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New Age defense

While all the other machinations are going on in politics, serious men and women, those in defense of the country, are trying to see through the fog of future defense needs and are making assessments of our capability.

This week, without the need of a fancy new budget for a Space Force or a new uniform patch, the Pentagon has let leak that our defense of the nation is shifting away from ballistic missile defense to intercepting hypersonic and cruise missiles in order to keep pace with Chinese and Russian advances. The Missile Defense Agency (MDA) director, U.S. Air Force Lt. Gen. Samuel Greaves, has even, in a preemptive move, stricken the word ballistic from the organization’s mission statement to emphasize the wider missile threat he is facing.

 

Meantime, Michael Griffin, undersecretary of defense for research and engineering, has also said he believes nuclear, chemical or biological weapons will not be used in war, especially not involving attacks on each other’s homelands.  “The Chinese ability to hold our forward deployed assets at risk with very high-speed, very hard-to-intercept precision-guided systems — that’s something to which we have to respond.”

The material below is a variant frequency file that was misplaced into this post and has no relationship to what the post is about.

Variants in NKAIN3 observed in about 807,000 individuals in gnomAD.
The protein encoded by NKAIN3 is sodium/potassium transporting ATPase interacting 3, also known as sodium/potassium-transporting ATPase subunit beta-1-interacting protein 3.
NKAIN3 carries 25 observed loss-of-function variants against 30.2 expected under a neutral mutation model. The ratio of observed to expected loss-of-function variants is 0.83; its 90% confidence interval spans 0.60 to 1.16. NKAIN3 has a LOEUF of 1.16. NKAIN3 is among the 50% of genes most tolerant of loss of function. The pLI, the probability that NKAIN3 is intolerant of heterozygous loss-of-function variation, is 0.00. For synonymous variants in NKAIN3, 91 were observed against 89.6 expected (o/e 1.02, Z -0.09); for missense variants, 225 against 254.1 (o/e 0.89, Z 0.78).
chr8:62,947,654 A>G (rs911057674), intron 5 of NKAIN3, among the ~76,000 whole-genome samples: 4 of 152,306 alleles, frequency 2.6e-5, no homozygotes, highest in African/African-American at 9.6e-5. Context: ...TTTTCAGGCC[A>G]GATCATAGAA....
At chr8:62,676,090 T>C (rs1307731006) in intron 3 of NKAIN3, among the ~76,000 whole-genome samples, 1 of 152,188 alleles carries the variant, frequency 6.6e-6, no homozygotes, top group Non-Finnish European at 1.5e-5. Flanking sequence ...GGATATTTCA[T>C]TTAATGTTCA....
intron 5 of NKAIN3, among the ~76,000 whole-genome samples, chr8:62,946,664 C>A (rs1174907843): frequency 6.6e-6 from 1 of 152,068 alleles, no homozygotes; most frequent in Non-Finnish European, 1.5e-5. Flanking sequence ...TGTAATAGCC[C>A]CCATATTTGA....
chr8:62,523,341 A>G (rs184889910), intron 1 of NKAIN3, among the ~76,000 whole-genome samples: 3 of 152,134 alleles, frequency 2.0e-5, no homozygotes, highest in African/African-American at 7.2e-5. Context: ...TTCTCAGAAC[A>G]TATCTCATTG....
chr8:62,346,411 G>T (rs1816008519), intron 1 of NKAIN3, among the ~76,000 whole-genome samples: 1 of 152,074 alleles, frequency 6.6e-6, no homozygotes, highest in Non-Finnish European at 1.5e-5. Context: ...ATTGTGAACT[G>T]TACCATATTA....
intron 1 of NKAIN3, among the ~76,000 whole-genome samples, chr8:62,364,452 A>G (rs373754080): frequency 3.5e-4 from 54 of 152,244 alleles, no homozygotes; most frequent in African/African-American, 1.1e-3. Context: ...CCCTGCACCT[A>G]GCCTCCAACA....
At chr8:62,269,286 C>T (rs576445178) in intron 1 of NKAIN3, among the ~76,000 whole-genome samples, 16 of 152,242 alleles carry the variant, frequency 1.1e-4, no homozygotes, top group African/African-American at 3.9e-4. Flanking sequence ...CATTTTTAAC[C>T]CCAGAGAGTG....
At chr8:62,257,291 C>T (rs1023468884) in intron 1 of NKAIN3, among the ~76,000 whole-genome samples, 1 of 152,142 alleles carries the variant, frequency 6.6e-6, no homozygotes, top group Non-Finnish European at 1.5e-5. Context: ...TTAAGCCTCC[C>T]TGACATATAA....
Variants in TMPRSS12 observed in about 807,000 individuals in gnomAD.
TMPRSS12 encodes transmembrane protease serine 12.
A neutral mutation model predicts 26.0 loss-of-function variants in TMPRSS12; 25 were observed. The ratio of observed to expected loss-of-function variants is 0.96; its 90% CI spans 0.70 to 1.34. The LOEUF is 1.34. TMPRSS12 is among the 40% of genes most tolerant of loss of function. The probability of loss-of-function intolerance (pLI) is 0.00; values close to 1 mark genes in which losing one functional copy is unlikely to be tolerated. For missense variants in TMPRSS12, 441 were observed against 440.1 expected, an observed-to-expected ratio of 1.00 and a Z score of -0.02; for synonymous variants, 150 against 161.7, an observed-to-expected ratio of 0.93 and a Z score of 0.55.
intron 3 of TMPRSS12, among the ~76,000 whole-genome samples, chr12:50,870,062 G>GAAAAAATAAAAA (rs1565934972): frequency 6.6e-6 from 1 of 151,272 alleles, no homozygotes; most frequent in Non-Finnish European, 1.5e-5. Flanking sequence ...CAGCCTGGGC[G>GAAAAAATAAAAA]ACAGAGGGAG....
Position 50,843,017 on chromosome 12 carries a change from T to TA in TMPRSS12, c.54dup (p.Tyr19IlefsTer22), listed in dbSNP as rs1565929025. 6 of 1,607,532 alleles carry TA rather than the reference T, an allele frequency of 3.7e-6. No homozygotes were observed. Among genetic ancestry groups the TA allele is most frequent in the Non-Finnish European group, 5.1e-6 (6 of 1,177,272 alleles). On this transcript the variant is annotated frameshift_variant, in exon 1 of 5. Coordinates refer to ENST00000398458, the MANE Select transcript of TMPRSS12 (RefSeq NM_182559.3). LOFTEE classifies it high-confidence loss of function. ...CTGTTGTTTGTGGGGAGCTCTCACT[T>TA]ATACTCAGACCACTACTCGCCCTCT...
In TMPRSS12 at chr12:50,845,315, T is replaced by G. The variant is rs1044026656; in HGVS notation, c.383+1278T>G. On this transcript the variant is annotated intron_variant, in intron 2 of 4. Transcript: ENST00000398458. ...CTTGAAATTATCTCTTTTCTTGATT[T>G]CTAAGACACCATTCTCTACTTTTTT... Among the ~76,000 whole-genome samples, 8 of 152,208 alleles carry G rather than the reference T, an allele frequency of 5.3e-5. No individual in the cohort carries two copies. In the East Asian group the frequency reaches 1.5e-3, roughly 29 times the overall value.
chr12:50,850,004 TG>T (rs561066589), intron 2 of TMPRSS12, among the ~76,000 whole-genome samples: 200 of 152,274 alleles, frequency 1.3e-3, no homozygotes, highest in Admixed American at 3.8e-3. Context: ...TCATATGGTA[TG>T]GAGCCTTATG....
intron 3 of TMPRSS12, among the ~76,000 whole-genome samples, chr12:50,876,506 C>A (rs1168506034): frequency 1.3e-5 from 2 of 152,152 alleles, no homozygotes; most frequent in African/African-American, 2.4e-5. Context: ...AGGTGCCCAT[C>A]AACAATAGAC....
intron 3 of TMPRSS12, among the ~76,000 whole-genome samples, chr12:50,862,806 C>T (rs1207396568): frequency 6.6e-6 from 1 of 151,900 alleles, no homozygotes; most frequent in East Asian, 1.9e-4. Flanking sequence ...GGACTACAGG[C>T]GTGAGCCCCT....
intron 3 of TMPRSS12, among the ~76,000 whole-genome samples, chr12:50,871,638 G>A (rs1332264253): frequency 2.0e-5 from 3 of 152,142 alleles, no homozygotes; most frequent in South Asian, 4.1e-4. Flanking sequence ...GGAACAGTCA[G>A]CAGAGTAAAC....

Russia has recently been televising its hypersonic missile progress, making a show for journalists and as veiled threats to its neighbors (and NATO especially). While we all watch Russia’s antics, China is building long-range tactical precision-guided systems that could be a major player in a conventional fight. What is especially worrying to the experts in the Pentagon, is that unless the U.S. decides to fund and “wallpaper the Earth with radars” — a war game in which the radars themselves would become a target for precision attack — the military needs to combat the advanced threat from space, Griffin says.

So, space weapons and defense systems seem a foregone conclusion. Sadly. Griffin explains that space-based sensors will be vital in the MDA’s strategy. “The only real way to see these things coming is from space,” Griffin says. “They’re very hard to see from high orbit because they’re not as bright. They are a factor of 10 or more dimmer than strategic missiles. You have to get closer.”

Closer can also mean closer to a new arms race, and the possible consequences of such a race in space.

 

Peter Riva, a former resident of Amenia Union, now lives in New Mexico.